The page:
This trailblazing woman in history tirelessly advocated for the well-being of factory workers

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Alice Hamilton dreamed of becoming a doctor but instead chose a different path to improve people’s health

Alice Hamilton was the leading expert in occupational health and industrial toxicology at the peak of her career, but she has come a long and difficult road to get there. Hamilton was born in 1869 and raised in Fort Wayne, Indiana. Her grandfather had made money in the railroad industry and the family was well off, but that didn’t mean little Alice had everything she wanted. Her parents homeschooled her and her siblings, primarily in language and literature. They disagreed with public schools that place so much emphasis on science, history and math. Additionally, the Hamiltons lived a rather isolated life, which inspired her dreams of becoming a doctor: she wanted the freedom to go where she wanted, and a career in medicine would allow her to work anywhere. Hamilton would eventually travel the country, continuing his research and helping those who worked in dangerous industries.

In order to continue his studies in medicine, Hamilton had to overcome his lack of scientific education. She first studied physics, chemistry and biology with a local high school teacher, then at smaller medical schools before applying to the University of Michigan. It was there that Hamilton discovered that the practice of medicine was not really for him and instead decided to pursue science and research. Hamilton traveled to Germany to study bacteriology and pathology, where she was eventually allowed to take classes after overcoming policies barring entry to women.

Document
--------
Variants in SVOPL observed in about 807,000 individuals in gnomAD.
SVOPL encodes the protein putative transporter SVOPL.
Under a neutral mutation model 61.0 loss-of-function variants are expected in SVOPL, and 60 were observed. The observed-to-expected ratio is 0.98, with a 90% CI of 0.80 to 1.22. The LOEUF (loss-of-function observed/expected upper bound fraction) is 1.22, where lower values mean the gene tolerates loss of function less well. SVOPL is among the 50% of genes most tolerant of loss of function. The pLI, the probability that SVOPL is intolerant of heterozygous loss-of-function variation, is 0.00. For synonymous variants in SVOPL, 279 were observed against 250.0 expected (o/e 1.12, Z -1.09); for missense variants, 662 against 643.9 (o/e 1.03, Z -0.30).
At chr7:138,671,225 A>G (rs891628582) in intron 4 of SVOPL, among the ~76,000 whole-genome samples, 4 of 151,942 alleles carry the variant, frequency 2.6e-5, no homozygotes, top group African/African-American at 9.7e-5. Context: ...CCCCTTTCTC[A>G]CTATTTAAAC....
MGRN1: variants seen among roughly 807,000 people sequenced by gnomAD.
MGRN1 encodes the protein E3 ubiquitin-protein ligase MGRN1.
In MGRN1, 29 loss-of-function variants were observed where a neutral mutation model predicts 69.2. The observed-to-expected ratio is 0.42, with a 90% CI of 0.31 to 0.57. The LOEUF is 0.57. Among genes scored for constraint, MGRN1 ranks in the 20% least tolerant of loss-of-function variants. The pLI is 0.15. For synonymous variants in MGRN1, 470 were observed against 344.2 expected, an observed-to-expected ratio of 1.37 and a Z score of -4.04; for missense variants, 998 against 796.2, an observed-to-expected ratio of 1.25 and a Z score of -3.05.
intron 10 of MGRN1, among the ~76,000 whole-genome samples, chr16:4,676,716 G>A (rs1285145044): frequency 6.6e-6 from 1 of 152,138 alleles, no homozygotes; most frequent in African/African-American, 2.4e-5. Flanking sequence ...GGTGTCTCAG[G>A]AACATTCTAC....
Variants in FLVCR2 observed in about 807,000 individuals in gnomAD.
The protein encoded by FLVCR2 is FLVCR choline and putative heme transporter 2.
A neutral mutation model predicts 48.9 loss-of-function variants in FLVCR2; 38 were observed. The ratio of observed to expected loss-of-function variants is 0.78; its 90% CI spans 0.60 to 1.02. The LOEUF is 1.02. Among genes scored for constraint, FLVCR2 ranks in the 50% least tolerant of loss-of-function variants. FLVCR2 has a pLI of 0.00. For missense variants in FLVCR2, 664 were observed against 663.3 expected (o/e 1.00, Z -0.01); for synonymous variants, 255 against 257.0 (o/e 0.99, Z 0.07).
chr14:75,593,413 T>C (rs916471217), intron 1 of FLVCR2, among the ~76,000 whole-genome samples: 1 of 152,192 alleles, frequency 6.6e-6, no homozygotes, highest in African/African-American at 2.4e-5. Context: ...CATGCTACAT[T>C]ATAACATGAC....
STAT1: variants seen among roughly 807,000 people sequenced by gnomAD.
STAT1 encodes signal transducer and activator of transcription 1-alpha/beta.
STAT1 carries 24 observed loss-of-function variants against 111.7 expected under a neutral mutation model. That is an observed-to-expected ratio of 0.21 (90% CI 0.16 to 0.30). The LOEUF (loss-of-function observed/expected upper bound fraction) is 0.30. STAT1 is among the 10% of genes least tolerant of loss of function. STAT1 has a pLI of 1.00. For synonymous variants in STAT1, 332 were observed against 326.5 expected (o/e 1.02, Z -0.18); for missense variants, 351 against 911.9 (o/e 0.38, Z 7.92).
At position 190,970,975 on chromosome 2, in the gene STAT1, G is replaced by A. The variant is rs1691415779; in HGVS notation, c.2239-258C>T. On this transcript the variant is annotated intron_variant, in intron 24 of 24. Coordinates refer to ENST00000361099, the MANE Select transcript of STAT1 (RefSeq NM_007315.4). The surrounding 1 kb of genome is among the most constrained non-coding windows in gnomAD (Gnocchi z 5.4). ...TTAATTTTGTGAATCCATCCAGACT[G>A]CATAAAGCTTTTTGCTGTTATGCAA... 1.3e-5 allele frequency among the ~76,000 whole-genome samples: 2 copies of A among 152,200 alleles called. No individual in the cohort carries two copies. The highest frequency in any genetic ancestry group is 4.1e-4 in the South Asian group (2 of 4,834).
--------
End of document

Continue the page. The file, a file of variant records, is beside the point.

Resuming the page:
After returning to the United States, Hamilton took a teaching position at the Women’s Medical School at Northwestern University in Chicago and lived in Hull House, where she would return time and time again to help the local community. As the immigrant population grew in cities, settlement houses like Hull House became popular in the late 19th century, as they provided a variety of tuition, health care, and child care to urban communities. When she wasn’t teaching, Hamilton got to know the low-income urban communities of industrial Chicago. She opened a clinic for infants and young children that offered baths and counseled new mothers. It was in Chicago that Hamilton first encountered an occupational disease and was inspired to research its causes and treatments.

Alice Hamilton graduated from the University of Michigan Medical School in 1893 at the age of 24. (Public domain)

First report

In 1908, Hamilton published his first report on occupational diseases, one of the only sources available on the subject in the United States. Her work caught the attention of people in the field, and she was appointed to the new Illinois Occupational Disease Commission in 1910. Over the next year, the commission studied the high death rates due to lead poisoning in various industries. Hamilton investigated the production of enamel, rubber and paint, all using lead, to determine the source of the deaths. The many cases of “wrist drop” or wrist paralysis prompted many of his investigations, but lead poisoning can also cause anemia, fatigue, infertility, seizures, and senility. . During his year on the commission, Hamilton traveled all over town researching the industrial uses of lead. She learned manufacturing processes on the fly in order to identify where lead dust or fumes were being created. It was hard and frustrating work, but Hamilton found it rewarding and exciting to be involved in such a new field of medicine.